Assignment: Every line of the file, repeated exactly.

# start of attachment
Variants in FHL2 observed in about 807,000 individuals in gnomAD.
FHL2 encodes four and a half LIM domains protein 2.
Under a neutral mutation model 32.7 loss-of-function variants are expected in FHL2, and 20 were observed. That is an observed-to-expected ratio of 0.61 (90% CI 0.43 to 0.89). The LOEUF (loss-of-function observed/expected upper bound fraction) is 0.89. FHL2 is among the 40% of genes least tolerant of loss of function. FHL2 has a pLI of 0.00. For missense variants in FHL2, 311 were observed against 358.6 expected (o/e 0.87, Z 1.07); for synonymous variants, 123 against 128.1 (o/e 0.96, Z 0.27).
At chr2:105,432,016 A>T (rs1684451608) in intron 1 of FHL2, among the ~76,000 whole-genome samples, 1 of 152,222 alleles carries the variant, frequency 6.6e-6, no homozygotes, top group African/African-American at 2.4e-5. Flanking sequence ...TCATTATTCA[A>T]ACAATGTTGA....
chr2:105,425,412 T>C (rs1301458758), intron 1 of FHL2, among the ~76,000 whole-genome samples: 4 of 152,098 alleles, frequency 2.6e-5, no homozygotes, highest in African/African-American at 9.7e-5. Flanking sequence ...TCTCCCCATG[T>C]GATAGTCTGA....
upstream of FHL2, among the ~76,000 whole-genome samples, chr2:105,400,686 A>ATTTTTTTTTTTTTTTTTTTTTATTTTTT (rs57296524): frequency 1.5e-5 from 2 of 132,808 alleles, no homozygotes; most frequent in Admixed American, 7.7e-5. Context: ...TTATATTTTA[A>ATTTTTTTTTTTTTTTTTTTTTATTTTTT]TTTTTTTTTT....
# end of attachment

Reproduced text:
Variants in FHL2 observed in about 807,000 individuals in gnomAD.
FHL2 encodes four and a half LIM domains protein 2.
Under a neutral mutation model 32.7 loss-of-function variants are expected in FHL2, and 20 were observed. That is an observed-to-expected ratio of 0.61 (90% CI 0.43 to 0.89). The LOEUF (loss-of-function observed/expected upper bound fraction) is 0.89. FHL2 is among the 40% of genes least tolerant of loss of function. FHL2 has a pLI of 0.00. For missense variants in FHL2, 311 were observed against 358.6 expected (o/e 0.87, Z 1.07); for synonymous variants, 123 against 128.1 (o/e 0.96, Z 0.27).
At chr2:105,432,016 A>T (rs1684451608) in intron 1 of FHL2, among the ~76,000 whole-genome samples, 1 of 152,222 alleles carries the variant, frequency 6.6e-6, no homozygotes, top group African/African-American at 2.4e-5. Flanking sequence ...TCATTATTCA[A>T]ACAATGTTGA....
chr2:105,425,412 T>C (rs1301458758), intron 1 of FHL2, among the ~76,000 whole-genome samples: 4 of 152,098 alleles, frequency 2.6e-5, no homozygotes, highest in African/African-American at 9.7e-5. Flanking sequence ...TCTCCCCATG[T>C]GATAGTCTGA....
upstream of FHL2, among the ~76,000 whole-genome samples, chr2:105,400,686 A>ATTTTTTTTTTTTTTTTTTTTTATTTTTT (rs57296524): frequency 1.5e-5 from 2 of 132,808 alleles, no homozygotes; most frequent in Admixed American, 7.7e-5. Context: ...TTATATTTTA[A>ATTTTTTTTTTTTTTTTTTTTTATTTTTT]TTTTTTTTTT....